THE GREAT SCANDAL OF: ‘NO OTHER NAME’

 

Scriptures:

Ephesians 4.1ff. - One Lord

II Corinthians 4.5 - Do not preach ourselves but Jesus Christ as Lord

Romans 10.9 - If you confess. . .Jesus as Lord and believe in your heart that God raised Him from the dead you will be saved

John 20.28 - My Lord and my God

II Timothy 1.2 - God the Father and Christ Jesus our Lord

Romans 14.9 - For to this end Christ died and lived again, that he might be the Lord both of the    dead and the living.

Revelation 11.15 - The kingdom of the world is become the kingdom of our Lord, and of his    Christ. . . .

Revelation 19.16 - King of kings, and Lord of lords

 

Introduction:

 

Kurios (lord) is the most familiar and characteristic word used to describe Jesus Christ in the New Testament. And the most fundamental mark of being a Christian is to confess that Jesus Christ is Lord.

 

One of the greatest challenges to the Church in this first decade of the 21st century is to preach, teach, and live as though Jesus Christ is Lord of all reality in the context of resurgent religious pluralism. The great skandalon to contemporary humanity is not that Jesus is Lord, but that He is the “only Lord and Savior” of man.

 

The Christian faith was born in an age of religious pluralism (Acts 4.12; 14.17); and we now stand in a parallel situation. In the first century Christ was preached as Lord. People were converted to Christ as Savior and Lord. They were immersed into Christ for the forgiveness of sins. They left their ancestral faith to embrace the Christian faith (Jude).

 

Jesus as Lord in a World of Pluralism: From Persecution to Triumph

 

So great was the success of Christian witness that by the 4th century Christianity became the official religion of the empire. By the 9th century the tribes of northern and eastern Europe had been Christianized and a fundamental change had been made in the religious geography of western and eastern mankind. The Western world had become Christian!

One central fact stands emphatically in the forefront, the triumph of Christianity replaced the ‘gods’ of Roman and European paganism with the worship of God, Father, Son and the Holy Spirit.

 

Our Lord Jesus Christ (kurios) had become the conqueror (nike) and with Him the Church had become triumphant over other religions. Thus the triumph of Christianity was no longer thought to be purely eschatological. It had become an accomplished fact in human history.

 

During the middle ages, relatively little was known of other people and their religions. The Jews, the internal dissenters from the religious unity of Christendom, were ghettoized not only physically, but spiritually. (Cf. Anti-Semitism in Christian context) Islam (ca. 820 million in 1986) was perceived around the edges of Christian Europe as the enemy to be consigned to the sword not only as a political enemy but also as the enemy of God (cf. Exceptions in Raymond Lull, Nicholas of Cusa, and the early Dominicans and Franciscans).

 

In this historic situation the full extent of Christian universality was believed to have been reached. Therefore, the Lordship of Christ had become real because Christendom was not “co-terminus with the inhabited world” (oikoumene). With the beginning of the age of exploration and colonization in the 16th century Christians came to a startling new awareness of the other religions of the world (cf. Reformation power was spent; Scientific Revolution occurred).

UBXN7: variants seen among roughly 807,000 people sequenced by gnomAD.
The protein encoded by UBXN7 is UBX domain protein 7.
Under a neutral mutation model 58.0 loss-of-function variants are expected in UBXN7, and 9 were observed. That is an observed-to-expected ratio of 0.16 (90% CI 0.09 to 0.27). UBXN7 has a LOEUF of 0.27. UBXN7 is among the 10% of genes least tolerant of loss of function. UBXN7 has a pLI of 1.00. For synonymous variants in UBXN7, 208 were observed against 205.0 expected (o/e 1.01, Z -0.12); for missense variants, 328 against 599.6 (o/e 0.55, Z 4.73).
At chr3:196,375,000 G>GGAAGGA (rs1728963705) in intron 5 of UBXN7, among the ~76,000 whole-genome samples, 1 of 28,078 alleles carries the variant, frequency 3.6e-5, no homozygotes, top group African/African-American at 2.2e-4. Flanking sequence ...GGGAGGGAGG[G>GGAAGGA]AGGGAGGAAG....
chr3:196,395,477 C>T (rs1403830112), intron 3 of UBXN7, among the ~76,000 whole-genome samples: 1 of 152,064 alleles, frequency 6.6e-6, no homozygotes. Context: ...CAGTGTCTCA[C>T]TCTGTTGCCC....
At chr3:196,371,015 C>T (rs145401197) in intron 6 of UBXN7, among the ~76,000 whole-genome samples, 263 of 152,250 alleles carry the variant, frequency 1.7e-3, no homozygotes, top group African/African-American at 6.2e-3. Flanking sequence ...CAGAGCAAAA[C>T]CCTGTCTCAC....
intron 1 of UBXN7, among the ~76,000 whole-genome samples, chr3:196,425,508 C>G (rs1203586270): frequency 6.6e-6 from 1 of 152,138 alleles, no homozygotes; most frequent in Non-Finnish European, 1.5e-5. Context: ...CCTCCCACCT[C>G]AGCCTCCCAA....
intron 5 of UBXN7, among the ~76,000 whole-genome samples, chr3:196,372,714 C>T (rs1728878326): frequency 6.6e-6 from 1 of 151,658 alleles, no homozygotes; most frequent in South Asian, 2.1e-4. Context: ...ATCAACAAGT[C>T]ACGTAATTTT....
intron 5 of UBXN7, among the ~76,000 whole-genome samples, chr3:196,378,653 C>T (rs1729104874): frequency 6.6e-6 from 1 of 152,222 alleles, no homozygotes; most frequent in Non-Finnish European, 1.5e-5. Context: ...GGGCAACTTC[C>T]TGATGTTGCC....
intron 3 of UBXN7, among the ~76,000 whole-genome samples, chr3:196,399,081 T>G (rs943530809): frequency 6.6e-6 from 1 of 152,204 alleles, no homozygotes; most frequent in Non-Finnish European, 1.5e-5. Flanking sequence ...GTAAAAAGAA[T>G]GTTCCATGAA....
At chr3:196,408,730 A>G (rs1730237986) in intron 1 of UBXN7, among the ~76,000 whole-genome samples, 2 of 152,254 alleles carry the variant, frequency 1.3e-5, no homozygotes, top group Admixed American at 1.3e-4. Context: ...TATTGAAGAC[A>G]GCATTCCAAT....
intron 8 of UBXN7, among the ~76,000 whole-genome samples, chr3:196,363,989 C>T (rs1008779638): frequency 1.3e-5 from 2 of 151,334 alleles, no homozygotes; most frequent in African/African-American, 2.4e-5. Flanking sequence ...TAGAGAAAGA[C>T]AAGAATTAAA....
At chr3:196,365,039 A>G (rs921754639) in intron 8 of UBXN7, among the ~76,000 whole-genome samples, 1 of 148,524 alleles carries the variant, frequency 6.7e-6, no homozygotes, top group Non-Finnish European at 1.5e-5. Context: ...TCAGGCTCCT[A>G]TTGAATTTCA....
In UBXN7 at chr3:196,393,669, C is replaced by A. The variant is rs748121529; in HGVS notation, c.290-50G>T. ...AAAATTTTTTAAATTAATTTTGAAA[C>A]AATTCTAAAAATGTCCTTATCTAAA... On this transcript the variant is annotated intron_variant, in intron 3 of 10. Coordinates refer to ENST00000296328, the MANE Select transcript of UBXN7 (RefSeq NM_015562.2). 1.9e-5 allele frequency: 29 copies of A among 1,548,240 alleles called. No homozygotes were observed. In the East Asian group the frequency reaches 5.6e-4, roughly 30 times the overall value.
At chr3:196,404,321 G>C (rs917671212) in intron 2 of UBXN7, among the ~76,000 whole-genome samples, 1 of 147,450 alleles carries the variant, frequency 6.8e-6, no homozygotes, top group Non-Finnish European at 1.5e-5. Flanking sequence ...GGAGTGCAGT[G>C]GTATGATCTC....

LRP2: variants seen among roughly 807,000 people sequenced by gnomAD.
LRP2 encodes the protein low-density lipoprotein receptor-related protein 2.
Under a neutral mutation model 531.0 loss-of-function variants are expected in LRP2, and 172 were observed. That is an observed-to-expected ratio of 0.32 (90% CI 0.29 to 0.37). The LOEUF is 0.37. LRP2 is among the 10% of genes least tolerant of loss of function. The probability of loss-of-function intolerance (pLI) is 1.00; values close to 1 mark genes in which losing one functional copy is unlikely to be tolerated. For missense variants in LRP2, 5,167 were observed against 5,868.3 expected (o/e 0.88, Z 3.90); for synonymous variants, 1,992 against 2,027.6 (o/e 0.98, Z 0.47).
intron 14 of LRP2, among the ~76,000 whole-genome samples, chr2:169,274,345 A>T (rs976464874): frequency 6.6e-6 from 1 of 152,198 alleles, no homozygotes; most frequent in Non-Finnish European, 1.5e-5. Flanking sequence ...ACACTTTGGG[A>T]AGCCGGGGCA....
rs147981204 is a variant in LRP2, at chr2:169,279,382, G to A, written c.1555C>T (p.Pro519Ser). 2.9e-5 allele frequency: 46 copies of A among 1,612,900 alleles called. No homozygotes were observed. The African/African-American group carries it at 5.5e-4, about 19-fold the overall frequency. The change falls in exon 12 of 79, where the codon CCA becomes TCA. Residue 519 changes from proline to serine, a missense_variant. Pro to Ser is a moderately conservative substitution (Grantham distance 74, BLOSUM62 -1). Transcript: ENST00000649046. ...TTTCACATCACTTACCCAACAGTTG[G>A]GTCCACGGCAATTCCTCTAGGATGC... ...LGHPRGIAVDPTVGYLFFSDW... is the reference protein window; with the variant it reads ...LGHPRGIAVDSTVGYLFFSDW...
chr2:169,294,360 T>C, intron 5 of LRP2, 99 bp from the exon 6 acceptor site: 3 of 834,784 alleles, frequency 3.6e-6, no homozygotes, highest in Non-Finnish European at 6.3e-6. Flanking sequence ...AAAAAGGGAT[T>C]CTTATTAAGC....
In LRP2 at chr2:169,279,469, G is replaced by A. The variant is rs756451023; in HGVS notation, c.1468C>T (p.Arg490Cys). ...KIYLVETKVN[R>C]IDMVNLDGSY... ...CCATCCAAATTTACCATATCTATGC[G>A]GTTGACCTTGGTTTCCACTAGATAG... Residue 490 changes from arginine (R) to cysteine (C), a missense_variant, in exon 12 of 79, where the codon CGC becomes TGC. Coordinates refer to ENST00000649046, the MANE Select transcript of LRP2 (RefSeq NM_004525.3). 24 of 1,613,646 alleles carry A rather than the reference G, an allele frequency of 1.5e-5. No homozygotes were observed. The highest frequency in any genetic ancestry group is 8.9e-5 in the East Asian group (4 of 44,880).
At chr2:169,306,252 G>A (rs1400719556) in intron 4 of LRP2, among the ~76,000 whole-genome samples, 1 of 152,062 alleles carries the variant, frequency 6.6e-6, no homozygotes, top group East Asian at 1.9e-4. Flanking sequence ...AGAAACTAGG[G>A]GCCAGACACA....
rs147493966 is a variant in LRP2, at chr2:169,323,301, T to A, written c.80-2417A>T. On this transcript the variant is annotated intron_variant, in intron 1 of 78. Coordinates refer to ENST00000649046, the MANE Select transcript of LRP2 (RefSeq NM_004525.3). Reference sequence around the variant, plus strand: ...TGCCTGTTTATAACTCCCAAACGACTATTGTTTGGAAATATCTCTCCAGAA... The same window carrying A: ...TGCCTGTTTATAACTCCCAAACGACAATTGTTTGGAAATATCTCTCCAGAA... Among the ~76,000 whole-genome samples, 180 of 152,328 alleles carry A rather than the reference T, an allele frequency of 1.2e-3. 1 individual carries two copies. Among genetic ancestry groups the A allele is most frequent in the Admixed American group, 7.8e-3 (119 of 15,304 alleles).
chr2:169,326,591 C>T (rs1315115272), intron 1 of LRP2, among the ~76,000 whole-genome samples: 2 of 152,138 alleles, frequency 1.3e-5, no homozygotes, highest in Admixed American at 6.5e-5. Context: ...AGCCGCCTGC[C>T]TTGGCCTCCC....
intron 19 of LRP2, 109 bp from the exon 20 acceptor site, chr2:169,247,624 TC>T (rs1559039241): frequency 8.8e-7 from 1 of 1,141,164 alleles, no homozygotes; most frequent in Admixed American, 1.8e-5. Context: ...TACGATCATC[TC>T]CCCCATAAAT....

First through trading relationships and then in the actual planting of colonies, western Christians started to learn of Hinduism, Buddhism, Islam, Confucianism, and tribal religions not merely as eccentricities, but as the ways in which millions of people shaped their lives and faith.

 

By the end of the 18th century, Arabic, Sanskrit, and Chinese were being studied in European universities, and the riches of their cultures were being unfolded. Religious pluralism was again on the agenda of the Christian community. Awareness of our vast world as yet untouched by Christian witness came at a time when the life of the Church was being renewed by pietism and repeated waves of revival.

 

Lordship and Resurgent Missions

 

A powerful missionary call went forth to convert all peoples to faith in Christ. By the middle of the 19th century the vision of reaching the whole world for Christ was the motivation for the recovery of Christian witness.

 

In this decade of the 21st century Christians are facing in a new way the continuing and seemingly incurable religious pluralism of the world. Renewed Hinduism, Buddhism, and Islam have started significant counter missionary movements.

 

Resurgent religious pluralism has received a variety of responses: (1) Communication in the form of dialogue; (2) Conversion; (3) Consensus for social action and socio-economic and political action; and (4) Conquests of other lords.

 

The scriptures affirm that Jesus is Lord and that in “no other name” must men be saved! But to what question is Luke’s “no other name” addressed? Pluralism, Syncretism, Universalism and Particularism. Christianity is absolutely unique by these claims: (1) Incarnation vs. Reincarnation; (2) Crucifixion (Atonement) vs. Cosmic Hinduism; (3) Resurrection vs. Endless Death

 

Conclusion: We must affirm the authority of our crucified and risen Lord in our age of the most extensive resurgence of religious pluralism since the day of Pentecost. Until “every tongue confesses that Jesus is Lord” we must study ourselves hot, speak ourselves empty, and sit down in a storm!!

 

Dr. James Strauss, Lincoln Christian Seminary, Lincoln, IL 62656